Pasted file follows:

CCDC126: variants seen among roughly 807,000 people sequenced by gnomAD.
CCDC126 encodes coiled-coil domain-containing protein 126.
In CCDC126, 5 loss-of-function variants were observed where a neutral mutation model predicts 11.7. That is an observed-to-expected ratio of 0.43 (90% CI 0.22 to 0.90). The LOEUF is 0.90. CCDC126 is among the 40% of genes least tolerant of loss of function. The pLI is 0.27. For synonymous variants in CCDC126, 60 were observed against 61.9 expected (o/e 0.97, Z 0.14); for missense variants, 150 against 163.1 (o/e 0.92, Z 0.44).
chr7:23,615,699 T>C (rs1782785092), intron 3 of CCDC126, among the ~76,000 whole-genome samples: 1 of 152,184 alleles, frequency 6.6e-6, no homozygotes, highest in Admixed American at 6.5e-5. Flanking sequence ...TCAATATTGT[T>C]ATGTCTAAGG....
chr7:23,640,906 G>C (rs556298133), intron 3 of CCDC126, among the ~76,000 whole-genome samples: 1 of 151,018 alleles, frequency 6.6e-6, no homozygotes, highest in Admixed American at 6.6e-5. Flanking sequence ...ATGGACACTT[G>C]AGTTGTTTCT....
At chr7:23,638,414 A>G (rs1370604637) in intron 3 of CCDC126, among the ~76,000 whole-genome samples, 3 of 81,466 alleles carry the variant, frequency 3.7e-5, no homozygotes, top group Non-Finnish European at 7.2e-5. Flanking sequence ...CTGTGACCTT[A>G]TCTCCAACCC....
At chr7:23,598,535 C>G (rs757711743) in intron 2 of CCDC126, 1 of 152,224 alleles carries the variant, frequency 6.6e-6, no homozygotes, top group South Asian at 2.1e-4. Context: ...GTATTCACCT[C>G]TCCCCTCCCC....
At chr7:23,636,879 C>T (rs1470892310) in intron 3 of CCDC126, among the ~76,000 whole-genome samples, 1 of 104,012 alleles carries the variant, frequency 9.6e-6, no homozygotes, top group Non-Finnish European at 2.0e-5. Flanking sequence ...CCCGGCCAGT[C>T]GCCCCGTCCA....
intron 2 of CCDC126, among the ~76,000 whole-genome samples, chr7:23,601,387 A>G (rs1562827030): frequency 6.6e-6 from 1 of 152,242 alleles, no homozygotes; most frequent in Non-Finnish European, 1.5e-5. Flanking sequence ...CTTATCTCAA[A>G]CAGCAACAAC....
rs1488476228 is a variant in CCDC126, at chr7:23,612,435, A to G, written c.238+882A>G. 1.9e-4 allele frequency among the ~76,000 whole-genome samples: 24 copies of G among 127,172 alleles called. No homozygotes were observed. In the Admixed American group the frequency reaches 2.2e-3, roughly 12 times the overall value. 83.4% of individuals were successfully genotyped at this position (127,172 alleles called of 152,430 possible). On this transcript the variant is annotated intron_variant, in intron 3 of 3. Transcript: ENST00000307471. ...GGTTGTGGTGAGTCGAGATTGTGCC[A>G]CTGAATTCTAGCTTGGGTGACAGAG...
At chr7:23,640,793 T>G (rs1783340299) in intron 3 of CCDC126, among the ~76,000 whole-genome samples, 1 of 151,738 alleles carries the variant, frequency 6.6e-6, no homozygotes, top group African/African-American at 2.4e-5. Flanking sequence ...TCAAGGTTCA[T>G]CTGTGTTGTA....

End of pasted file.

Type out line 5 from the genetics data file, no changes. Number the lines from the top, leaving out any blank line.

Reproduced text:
chr7:23,640,906 G>C (rs556298133), intron 3 of CCDC126, among the ~76,000 whole-genome samples: 1 of 151,018 alleles, frequency 6.6e-6, no homozygotes, highest in Admixed American at 6.6e-5. Flanking sequence ...ATGGACACTT[G>C]AGTTGTTTCT....